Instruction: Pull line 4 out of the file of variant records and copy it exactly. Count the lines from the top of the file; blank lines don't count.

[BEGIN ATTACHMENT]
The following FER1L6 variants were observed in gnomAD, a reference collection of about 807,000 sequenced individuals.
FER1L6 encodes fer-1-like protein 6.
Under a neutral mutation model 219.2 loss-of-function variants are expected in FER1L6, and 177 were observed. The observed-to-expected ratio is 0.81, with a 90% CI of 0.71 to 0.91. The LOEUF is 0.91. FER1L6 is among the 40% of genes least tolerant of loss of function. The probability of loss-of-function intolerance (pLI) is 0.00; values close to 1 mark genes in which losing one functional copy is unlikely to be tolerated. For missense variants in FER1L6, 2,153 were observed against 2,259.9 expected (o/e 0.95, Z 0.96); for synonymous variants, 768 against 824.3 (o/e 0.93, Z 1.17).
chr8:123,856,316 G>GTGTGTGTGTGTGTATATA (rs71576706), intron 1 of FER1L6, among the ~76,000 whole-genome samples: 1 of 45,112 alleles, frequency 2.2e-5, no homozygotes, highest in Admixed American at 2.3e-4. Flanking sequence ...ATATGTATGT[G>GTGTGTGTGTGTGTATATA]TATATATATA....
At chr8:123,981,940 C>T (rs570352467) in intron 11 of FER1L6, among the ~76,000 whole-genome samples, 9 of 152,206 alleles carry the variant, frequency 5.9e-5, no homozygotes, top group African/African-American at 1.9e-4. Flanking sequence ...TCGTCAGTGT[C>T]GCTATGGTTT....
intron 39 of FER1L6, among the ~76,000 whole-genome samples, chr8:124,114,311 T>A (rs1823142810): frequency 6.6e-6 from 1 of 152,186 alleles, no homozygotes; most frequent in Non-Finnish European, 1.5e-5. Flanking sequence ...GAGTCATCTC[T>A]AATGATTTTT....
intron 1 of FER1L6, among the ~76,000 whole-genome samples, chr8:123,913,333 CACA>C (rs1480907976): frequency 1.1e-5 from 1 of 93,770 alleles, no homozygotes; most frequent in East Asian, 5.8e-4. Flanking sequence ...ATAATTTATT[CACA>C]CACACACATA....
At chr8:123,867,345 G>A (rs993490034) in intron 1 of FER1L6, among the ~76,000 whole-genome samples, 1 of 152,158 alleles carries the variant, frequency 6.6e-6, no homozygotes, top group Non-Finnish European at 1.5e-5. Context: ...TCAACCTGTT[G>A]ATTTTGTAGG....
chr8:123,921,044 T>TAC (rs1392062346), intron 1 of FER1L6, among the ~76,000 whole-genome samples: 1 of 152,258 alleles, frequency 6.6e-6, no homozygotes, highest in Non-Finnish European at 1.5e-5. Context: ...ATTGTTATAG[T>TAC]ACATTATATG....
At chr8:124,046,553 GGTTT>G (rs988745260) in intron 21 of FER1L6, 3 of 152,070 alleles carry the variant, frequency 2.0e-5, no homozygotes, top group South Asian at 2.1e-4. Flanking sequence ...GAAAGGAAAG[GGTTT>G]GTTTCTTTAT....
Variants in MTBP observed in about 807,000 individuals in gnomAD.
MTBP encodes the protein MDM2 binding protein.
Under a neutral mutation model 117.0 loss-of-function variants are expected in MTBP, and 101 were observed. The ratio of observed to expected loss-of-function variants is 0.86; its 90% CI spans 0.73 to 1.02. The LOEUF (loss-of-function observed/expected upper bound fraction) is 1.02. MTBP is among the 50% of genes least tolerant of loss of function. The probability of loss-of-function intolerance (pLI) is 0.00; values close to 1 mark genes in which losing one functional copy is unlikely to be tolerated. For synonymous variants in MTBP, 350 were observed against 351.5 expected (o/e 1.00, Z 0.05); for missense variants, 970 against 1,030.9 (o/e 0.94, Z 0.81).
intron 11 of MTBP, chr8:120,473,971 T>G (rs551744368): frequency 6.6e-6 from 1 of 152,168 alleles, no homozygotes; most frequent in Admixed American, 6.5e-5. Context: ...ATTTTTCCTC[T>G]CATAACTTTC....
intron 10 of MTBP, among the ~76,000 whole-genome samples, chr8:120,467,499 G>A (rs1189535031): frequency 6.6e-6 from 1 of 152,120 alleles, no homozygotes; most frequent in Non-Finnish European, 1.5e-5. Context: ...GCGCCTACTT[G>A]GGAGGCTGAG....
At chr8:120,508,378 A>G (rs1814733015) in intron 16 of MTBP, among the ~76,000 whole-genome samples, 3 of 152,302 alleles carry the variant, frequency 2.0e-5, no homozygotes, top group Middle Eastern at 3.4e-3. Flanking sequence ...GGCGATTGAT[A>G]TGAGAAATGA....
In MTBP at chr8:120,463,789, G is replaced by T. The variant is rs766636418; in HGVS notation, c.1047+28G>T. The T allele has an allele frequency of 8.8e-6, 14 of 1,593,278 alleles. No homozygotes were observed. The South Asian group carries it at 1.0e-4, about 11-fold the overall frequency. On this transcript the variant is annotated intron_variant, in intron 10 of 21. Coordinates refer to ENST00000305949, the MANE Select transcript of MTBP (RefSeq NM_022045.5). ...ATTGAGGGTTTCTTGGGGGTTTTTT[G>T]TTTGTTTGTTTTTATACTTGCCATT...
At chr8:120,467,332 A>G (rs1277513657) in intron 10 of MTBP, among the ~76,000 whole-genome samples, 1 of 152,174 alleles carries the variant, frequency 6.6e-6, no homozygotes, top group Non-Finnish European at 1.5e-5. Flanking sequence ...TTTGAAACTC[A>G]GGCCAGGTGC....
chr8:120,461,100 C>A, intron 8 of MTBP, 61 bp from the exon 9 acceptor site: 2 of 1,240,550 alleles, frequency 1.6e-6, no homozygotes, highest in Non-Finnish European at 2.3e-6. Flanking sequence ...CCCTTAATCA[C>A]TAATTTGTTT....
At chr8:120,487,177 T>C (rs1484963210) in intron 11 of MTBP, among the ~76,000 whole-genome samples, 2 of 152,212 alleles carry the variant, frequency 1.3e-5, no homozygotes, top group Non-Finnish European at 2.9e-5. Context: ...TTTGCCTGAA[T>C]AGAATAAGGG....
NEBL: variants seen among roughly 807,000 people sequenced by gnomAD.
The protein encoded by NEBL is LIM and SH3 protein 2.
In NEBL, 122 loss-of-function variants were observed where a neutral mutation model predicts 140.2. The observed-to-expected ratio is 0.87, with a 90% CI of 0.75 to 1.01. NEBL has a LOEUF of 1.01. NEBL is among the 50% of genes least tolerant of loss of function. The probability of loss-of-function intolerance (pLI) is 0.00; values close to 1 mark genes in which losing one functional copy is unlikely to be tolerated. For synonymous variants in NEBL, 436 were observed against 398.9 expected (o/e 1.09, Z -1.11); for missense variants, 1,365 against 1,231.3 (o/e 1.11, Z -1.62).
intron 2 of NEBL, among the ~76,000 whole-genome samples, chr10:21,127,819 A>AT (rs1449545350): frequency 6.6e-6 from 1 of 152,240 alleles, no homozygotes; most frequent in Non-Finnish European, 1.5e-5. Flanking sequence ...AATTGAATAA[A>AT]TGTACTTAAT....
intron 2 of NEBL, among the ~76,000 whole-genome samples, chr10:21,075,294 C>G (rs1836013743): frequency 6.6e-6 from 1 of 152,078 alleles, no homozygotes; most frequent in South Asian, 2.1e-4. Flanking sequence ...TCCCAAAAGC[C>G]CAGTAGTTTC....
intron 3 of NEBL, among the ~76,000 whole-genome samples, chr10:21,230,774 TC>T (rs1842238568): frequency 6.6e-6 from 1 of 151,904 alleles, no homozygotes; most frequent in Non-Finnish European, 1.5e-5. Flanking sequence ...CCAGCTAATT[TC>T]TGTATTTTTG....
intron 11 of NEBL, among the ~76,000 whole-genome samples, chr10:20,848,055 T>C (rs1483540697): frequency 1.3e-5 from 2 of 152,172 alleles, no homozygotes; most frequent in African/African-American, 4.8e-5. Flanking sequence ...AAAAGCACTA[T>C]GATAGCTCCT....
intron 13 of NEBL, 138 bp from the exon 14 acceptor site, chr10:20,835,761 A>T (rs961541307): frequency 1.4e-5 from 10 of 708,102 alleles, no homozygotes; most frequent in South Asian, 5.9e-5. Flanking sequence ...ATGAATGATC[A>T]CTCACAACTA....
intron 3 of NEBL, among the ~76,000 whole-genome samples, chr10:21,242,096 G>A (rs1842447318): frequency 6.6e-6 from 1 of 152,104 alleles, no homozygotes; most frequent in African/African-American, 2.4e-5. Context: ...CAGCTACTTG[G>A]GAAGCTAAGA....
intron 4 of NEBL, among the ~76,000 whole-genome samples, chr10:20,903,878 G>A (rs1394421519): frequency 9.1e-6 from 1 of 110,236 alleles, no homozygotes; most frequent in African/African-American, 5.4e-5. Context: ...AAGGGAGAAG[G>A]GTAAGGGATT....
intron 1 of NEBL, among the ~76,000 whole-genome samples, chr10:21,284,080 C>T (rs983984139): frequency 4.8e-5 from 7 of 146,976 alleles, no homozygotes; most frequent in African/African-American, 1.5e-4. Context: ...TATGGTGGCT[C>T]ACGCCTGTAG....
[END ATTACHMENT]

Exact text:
chr8:123,856,316 G>GTGTGTGTGTGTGTATATA (rs71576706), intron 1 of FER1L6, among the ~76,000 whole-genome samples: 1 of 45,112 alleles, frequency 2.2e-5, no homozygotes, highest in Admixed American at 2.3e-4. Flanking sequence ...ATATGTATGT[G>GTGTGTGTGTGTGTATATA]TATATATATA....